Publications: Stop Worrying About Ad Revenue. Build Reader Revenue Instead. Here’s Why and How

~ 12 min read | April 16

Welcome to part three of our publication’s journey! Earlier, we reported how subscriptions are the future for publications and dwelled on diversifying your revenue stream.

This post: we take inspiration from our fireside chat with Zetland––a digital news magazine founded in Denmark, 2016.

Zetland has no problem with the advertisement revenues declining (WHAT??).

Zetland’s customers understood the value of high-quality journalism and had no problem paying for it. Today, Zetland has 22,000 subscribers that pay around $19 per month. And then, a lot more people who are in the freemium funnel. “We are digital-born, and we have never had any ads. So, we are strictly reader revenue”, says Tav, CEO of Zetland. “So, even though 2018 and 2019 were also quite good years for us, we had a breakthrough in 2020 where we saw a surge in paying subscribers.” With the chaos that was 2020, people flocked to publications they can trust to “make sense of the world.”

With advertising revenue likely to take some time to recover, subscriptions and increasing reader revenue will be the single largest growth driver for publications. So, we’re going to guide you on your path to build a reader-revenue model and the tech stack that goes along with it.

 

Main principles of a reader-revenue model

You need 4––well pressured––wheels to ensure your reader-revenue model’s smoothest rides.

1. A product that gives true value

“Information is not enough,” says Tav Klitgaard.

There’s so much information available for free on the world wide web. How does your product stand out?

“So, in 2021, I don’t think that you can make money on basic information. You need to do something with that information. You need to do analysis; you need to do curation”, adds Tav.

It needs to hold convincing theories, experiments, and complex data. You need to nail the UX and distribution. In essence: you need quality journalism.

The London School of Economics and Political Science lists 8 points that define quality journalism. Some points that stand out are:

  • The seriousness of an emotional experience: emotions, feelings, identity, and values are vital parts of the quality of people’s lives and their media experience.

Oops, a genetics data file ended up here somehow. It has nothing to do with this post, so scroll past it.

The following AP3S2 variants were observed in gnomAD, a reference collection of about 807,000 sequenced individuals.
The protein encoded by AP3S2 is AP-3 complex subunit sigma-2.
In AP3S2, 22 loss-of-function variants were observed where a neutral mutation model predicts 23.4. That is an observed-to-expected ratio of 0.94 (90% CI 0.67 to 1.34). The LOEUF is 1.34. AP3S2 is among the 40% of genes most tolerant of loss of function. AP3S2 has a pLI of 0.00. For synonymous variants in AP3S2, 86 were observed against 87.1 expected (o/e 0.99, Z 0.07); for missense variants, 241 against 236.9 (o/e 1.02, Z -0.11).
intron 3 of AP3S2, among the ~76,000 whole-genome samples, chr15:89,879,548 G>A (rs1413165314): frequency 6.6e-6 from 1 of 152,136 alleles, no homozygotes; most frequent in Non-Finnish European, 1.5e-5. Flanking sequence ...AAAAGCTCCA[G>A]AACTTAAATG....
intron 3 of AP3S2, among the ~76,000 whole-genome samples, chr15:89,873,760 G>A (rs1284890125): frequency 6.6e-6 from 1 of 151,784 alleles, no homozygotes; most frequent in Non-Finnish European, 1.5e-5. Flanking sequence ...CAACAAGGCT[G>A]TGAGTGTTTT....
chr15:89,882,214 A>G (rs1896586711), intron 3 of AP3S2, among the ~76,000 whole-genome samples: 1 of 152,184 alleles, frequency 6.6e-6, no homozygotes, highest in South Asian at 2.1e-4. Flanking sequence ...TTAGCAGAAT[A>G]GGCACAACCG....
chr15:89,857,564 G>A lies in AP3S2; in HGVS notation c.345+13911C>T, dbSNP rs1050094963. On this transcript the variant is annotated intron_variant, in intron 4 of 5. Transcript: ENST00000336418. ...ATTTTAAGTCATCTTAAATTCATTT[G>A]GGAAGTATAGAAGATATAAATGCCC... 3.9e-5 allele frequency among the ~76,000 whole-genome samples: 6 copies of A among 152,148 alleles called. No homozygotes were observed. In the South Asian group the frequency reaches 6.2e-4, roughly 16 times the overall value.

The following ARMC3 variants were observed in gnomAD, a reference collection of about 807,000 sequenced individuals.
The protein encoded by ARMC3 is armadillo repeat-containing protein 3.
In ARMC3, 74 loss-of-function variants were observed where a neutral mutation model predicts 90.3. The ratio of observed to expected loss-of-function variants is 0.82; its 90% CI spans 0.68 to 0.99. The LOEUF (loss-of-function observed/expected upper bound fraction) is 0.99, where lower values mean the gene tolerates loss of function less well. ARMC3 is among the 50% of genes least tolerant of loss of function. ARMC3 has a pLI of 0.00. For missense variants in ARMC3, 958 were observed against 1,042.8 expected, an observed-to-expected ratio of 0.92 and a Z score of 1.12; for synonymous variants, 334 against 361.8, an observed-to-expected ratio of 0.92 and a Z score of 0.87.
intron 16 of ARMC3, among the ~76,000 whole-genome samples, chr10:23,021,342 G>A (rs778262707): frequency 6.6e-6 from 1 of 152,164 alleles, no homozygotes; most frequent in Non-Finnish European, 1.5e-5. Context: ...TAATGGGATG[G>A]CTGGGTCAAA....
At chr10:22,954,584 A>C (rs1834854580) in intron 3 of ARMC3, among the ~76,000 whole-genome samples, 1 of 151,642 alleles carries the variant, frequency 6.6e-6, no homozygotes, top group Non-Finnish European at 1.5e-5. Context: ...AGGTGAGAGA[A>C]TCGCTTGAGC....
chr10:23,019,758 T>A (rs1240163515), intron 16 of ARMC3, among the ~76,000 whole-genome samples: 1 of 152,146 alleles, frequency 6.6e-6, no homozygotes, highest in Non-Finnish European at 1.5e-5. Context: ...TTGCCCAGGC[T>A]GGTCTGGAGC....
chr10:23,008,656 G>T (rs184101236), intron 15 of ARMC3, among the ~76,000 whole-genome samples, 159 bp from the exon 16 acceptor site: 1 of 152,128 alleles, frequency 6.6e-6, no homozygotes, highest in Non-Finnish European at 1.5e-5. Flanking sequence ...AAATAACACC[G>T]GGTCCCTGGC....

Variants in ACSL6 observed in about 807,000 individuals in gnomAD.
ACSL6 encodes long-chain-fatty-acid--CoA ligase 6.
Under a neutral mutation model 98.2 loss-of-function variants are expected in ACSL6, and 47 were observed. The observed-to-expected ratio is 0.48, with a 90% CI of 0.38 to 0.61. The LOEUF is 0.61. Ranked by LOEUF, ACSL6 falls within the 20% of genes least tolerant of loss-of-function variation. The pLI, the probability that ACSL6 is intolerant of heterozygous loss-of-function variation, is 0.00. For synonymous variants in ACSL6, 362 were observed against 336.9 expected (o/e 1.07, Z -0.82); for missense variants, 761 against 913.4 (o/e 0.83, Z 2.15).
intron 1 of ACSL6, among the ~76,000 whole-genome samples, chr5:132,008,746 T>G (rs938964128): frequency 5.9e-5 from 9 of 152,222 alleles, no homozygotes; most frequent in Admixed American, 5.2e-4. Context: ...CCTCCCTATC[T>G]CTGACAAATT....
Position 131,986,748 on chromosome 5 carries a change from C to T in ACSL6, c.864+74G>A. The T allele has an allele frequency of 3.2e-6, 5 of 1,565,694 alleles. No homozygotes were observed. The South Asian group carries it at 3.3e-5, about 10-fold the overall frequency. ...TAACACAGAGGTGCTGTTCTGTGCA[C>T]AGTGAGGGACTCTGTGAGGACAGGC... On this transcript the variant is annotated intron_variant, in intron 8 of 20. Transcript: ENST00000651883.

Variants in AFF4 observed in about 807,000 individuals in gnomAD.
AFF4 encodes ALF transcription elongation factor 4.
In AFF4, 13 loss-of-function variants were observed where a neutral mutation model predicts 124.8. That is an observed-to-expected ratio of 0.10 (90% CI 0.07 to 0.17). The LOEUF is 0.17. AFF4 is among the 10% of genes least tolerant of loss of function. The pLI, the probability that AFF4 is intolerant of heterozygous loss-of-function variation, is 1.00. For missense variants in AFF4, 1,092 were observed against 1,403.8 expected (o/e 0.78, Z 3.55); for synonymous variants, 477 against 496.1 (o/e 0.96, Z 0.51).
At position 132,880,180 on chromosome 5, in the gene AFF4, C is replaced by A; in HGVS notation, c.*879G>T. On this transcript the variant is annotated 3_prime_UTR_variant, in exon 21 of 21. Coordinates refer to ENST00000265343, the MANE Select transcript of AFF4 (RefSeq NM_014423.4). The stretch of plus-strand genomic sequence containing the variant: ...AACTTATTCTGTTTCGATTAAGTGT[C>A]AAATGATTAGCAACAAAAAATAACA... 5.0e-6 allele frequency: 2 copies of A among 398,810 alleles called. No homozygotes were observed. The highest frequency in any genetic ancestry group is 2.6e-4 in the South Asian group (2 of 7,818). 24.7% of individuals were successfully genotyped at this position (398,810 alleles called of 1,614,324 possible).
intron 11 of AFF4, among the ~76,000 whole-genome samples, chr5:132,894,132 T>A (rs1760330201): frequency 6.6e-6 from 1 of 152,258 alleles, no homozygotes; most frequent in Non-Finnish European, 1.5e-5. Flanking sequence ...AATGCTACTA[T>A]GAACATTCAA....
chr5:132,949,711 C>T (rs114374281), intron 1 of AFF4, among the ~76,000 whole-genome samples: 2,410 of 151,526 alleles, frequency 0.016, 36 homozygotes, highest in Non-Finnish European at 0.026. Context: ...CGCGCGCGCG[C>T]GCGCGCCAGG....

• Convenient UX: make it ‘readable.’ That means eradicating friction and confusion from the split-second choice between access and clicking away. Content should be readily available, wherever you are, and bonus points if it’s available in digital and audio.

 

  • Diversity, serendipity, and joy: People don’t always know what they want. Surprise them. Indeed, the news’s key quality value is to be told what you didn’t know or didn’t even know you wanted to know? And to create diversity, you have to keep shaking up your assumptions and systems.

 

Also, content that is “born accessible” enhances discoverability and usability. According to publisher’s weekly, “now more than ever, with digital content on the rise, it is imperative for publishers to connect content and users. That means having to understand consumer behavior, viewer engagement, and user experience to ensure targeted and successful content dissemination.”

Then there is the magic of virality. I mean, the whole point of writing something incredible is for it to be read by many people, no? If there’s a high-quality article, it will be shared!

Denmark’s prime minister shared one of Zetland’s articles on Facebook–how about that?

“The flow of people coming in that we don’t have to sell to, it’s basically… We call it internally the machine because our subscribers share the content. And then if they share that to enough people, the top of the funnel will be so broad that eventually quite a lot of people will trickle down the funnel”, says Tav.

If you can nail these aspects, you’ll provide enough value for people to trust you and engage in a subscription.

 

2. The right price point

I’ve said it before; I’ll say it again: 1% improvement in pricing results in an average profit improvement of 11.1%

“We do split tests on everything, but pricing is hard. So I think there are three ways to do pricing. So one is to look at your competition, how they’re priced. The other is to look at your production costs, how much do you need to charge? And the third one is what I call value-based pricing”, says Tav.

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Cost-plus pricing is taking the total cost of producing your product and then adding a markup on top of it. The problem with this approach is that when you scale, prices will also increase—making it hard to put markup in proportion to these factors.